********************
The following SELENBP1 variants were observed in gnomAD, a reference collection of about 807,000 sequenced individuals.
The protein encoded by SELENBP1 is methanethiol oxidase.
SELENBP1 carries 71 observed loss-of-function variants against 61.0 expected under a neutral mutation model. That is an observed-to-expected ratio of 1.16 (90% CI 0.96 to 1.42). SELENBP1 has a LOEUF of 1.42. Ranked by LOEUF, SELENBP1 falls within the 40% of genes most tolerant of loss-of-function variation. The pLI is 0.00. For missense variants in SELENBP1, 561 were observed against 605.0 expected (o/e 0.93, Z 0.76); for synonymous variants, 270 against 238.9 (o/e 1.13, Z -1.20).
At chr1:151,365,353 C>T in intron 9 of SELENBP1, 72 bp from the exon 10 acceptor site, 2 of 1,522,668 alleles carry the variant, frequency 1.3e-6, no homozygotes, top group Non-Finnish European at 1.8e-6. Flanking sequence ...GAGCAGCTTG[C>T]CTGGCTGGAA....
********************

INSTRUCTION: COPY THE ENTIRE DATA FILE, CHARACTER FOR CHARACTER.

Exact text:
The following SELENBP1 variants were observed in gnomAD, a reference collection of about 807,000 sequenced individuals.
The protein encoded by SELENBP1 is methanethiol oxidase.
SELENBP1 carries 71 observed loss-of-function variants against 61.0 expected under a neutral mutation model. That is an observed-to-expected ratio of 1.16 (90% CI 0.96 to 1.42). SELENBP1 has a LOEUF of 1.42. Ranked by LOEUF, SELENBP1 falls within the 40% of genes most tolerant of loss-of-function variation. The pLI is 0.00. For missense variants in SELENBP1, 561 were observed against 605.0 expected (o/e 0.93, Z 0.76); for synonymous variants, 270 against 238.9 (o/e 1.13, Z -1.20).
At chr1:151,365,353 C>T in intron 9 of SELENBP1, 72 bp from the exon 10 acceptor site, 2 of 1,522,668 alleles carry the variant, frequency 1.3e-6, no homozygotes, top group Non-Finnish European at 1.8e-6. Flanking sequence ...GAGCAGCTTG[C>T]CTGGCTGGAA....